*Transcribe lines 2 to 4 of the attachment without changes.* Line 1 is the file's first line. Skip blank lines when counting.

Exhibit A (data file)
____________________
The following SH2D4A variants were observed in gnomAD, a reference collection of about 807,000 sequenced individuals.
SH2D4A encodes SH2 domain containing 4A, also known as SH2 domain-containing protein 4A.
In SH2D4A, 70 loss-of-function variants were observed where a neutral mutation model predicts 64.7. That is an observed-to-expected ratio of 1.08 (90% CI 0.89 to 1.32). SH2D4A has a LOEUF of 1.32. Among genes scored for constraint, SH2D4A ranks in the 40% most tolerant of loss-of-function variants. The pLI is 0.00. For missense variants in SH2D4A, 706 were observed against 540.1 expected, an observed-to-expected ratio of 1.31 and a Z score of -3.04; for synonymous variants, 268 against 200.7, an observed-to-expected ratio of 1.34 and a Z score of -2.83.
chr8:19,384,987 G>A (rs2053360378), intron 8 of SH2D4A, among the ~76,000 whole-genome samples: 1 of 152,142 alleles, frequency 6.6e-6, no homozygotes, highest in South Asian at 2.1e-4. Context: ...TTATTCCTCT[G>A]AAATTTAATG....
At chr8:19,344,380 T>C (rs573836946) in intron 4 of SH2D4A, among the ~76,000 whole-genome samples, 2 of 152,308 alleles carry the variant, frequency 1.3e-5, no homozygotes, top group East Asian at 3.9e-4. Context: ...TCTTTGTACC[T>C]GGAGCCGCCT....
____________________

SH2D4A encodes SH2 domain containing 4A, also known as SH2 domain-containing protein 4A.
In SH2D4A, 70 loss-of-function variants were observed where a neutral mutation model predicts 64.7. That is an observed-to-expected ratio of 1.08 (90% CI 0.89 to 1.32). SH2D4A has a LOEUF of 1.32. Among genes scored for constraint, SH2D4A ranks in the 40% most tolerant of loss-of-function variants. The pLI is 0.00. For missense variants in SH2D4A, 706 were observed against 540.1 expected, an observed-to-expected ratio of 1.31 and a Z score of -3.04; for synonymous variants, 268 against 200.7, an observed-to-expected ratio of 1.34 and a Z score of -2.83.
chr8:19,384,987 G>A (rs2053360378), intron 8 of SH2D4A, among the ~76,000 whole-genome samples: 1 of 152,142 alleles, frequency 6.6e-6, no homozygotes, highest in South Asian at 2.1e-4. Context: ...TTATTCCTCT[G>A]AAATTTAATG....